Fewer Americans are aware of the fact that the human papillomavirus (HPV) can cause certain types of cancer, and vaccination rates against the virus are lagging, according to recent research presented at the AACR Annual Meeting 2023.1
“Over 90% of HPV-associated cancers could be prevented with the HPV vaccination, yet vaccine uptake remains suboptimal,” the study’s lead author, Eric Adjei Boakye, PhD, assistant scientist in the Department of Health Sciences and the Department of Otolaryngology at Henry Ford Health in Detroit, said in a press release about the findings.
An estimated 54.5% of adolescents in the United States have received the recommended doses of the HPV vaccine, though the government established a goal of an 80% vaccination rate in this population.
Further, Boakye and his team analyzed data from the Health Information National Trends (HINTS) survey between 2014 and 2020, a nationally representative survey of adults across the U.S. A total of 2,239 individuals were surveyed in 2014 and 2,340 were surveyed in 2020.
Survey respondents were asked: “Do you think HPV can cause anal, cervical, oral, penile cancers?” Responses were “yes,” “no,” and “not sure.”
In 2014, 77.6% of respondents reported that they were aware that HPV caused cervical cancer, though that number decreased to 70.2% in 2020. Awareness of the HPV-cancer correlation remained low for the other disease states. While the differences were not statistically significant, there was a numerical decrease in the percentage of patients aware of the HPV-cancer correlation between the two time points.
- Awareness of the link between HPV and anal cancer fell from 27.9% to 27.4%
- Oral cancer awareness fell from 31.2% to 29.5%
- Penile cancer awareness fell from 30.3% to 28.4%
“Given the connections between HPV-associated cancer awareness and HPV vaccination uptake, it is important we increase the population’s awareness of this link, as it may help increase vaccine uptake,” Boakye said.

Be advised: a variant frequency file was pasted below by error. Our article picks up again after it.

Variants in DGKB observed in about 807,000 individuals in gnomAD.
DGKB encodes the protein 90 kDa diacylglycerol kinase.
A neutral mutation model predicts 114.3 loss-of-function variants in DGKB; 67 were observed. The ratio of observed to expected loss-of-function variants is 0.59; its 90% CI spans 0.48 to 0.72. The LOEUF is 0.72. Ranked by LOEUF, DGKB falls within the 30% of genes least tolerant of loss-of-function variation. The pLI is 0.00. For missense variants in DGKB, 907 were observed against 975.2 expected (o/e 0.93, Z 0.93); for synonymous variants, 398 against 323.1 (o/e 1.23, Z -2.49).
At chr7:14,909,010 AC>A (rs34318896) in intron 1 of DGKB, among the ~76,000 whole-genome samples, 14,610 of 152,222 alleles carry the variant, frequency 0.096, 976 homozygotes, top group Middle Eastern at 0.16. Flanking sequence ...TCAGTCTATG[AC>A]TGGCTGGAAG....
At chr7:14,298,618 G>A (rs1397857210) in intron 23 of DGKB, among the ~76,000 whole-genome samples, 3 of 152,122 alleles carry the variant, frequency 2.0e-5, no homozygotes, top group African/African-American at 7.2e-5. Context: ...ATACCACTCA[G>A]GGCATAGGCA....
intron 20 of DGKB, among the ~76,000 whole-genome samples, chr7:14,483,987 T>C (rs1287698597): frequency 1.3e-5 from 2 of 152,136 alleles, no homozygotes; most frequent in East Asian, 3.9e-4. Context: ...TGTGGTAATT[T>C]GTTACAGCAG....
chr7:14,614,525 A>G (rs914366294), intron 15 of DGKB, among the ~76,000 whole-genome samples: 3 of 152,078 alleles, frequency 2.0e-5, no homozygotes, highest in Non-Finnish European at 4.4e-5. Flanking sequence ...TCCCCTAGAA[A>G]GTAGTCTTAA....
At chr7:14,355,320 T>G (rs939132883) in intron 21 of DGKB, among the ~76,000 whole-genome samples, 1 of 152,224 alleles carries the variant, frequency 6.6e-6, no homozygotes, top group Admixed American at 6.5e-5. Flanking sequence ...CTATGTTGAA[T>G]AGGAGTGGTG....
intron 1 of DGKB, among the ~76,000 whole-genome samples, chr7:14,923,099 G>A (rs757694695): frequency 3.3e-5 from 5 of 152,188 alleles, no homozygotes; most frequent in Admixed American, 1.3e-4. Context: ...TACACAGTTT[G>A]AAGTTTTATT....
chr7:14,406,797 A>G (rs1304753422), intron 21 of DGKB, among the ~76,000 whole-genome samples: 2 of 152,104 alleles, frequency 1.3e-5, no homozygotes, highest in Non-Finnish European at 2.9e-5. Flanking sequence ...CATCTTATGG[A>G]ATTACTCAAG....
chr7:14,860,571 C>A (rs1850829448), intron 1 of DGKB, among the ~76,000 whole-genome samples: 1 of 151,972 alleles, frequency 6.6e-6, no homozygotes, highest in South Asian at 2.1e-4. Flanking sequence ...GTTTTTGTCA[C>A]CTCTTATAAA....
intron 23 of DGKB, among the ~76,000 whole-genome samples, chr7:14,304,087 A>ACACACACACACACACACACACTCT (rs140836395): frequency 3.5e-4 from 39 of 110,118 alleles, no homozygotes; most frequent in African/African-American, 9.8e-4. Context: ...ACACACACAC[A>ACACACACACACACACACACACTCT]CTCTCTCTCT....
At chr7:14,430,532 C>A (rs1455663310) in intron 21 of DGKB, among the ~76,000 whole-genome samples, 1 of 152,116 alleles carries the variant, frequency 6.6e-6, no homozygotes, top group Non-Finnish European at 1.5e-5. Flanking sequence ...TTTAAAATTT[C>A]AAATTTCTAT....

The first HPV vaccine, Gardasil, was initially approved by the Food and Drug Administration (FDA) in 2006 for females between the ages of 9 and 26.
“The talk about HPV was very female-centric when the vaccine was first approved and recommended. As a result, a lot of people know about HPV-causing cervical cancer, but not the other cancers. Our results suggest that interventions to increase awareness of all HPV-associated cancers would benefit public health,” Boakye said.
Three years later, in 2009, the FDA expanded Gardasil’s approval to include boys and men, since HPV was also associated with anal, oral, and penile cancers.
Boakye said that it is essential for healthcare providers to be trained in promoting and administering the vaccine. Additionally, clinicians and public health officials need to work together to improve awareness about the importance of the vaccine — including the fact that it can prevent more than 90% of HPV-associated cancer cases,
“Research has shown a high degree of public trust in HPV information when received from healthcare providers; therefore, providers should use every clinical visit as an opportunity to educate patients about the causal link between HPV and HPV-associated cancers, and also about the cancer prevention benefits of the HPV vaccine,” Adjei Boakye said.
Sources: Boakye EA, Nair M, Domgue JF, Abouelella DK, Khan HY, Osazuwa-Peters N. Over 10 years since HPV vaccine approval, awareness of the causal link between HPV and HPV-associated cancers remains low in the US. Presented at: 2023 AACR Annual Meeting; April 14-19, 2023; Abstract 4210
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